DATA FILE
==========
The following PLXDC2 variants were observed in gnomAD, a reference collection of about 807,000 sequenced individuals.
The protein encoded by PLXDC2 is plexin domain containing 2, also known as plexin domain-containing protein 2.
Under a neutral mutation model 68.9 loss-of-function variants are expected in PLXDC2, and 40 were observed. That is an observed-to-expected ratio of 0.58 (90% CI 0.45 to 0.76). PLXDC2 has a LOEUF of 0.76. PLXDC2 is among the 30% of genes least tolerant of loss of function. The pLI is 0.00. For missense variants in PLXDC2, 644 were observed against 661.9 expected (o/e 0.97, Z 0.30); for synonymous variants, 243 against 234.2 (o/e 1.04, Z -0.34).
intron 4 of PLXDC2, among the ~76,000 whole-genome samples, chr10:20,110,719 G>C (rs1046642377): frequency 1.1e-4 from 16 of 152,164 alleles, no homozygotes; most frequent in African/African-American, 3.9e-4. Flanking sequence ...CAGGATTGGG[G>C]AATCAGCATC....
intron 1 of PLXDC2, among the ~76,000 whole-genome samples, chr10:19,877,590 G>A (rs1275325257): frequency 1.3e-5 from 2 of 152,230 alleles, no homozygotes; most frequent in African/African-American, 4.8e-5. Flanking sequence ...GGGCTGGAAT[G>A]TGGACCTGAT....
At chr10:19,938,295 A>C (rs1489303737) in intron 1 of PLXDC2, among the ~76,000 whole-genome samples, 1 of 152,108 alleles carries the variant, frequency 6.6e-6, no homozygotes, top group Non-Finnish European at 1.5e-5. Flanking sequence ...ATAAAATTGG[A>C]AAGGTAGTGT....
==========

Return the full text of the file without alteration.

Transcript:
The following PLXDC2 variants were observed in gnomAD, a reference collection of about 807,000 sequenced individuals.
The protein encoded by PLXDC2 is plexin domain containing 2, also known as plexin domain-containing protein 2.
Under a neutral mutation model 68.9 loss-of-function variants are expected in PLXDC2, and 40 were observed. That is an observed-to-expected ratio of 0.58 (90% CI 0.45 to 0.76). PLXDC2 has a LOEUF of 0.76. PLXDC2 is among the 30% of genes least tolerant of loss of function. The pLI is 0.00. For missense variants in PLXDC2, 644 were observed against 661.9 expected (o/e 0.97, Z 0.30); for synonymous variants, 243 against 234.2 (o/e 1.04, Z -0.34).
intron 4 of PLXDC2, among the ~76,000 whole-genome samples, chr10:20,110,719 G>C (rs1046642377): frequency 1.1e-4 from 16 of 152,164 alleles, no homozygotes; most frequent in African/African-American, 3.9e-4. Flanking sequence ...CAGGATTGGG[G>C]AATCAGCATC....
intron 1 of PLXDC2, among the ~76,000 whole-genome samples, chr10:19,877,590 G>A (rs1275325257): frequency 1.3e-5 from 2 of 152,230 alleles, no homozygotes; most frequent in African/African-American, 4.8e-5. Flanking sequence ...GGGCTGGAAT[G>A]TGGACCTGAT....
At chr10:19,938,295 A>C (rs1489303737) in intron 1 of PLXDC2, among the ~76,000 whole-genome samples, 1 of 152,108 alleles carries the variant, frequency 6.6e-6, no homozygotes, top group Non-Finnish European at 1.5e-5. Flanking sequence ...ATAAAATTGG[A>C]AAGGTAGTGT....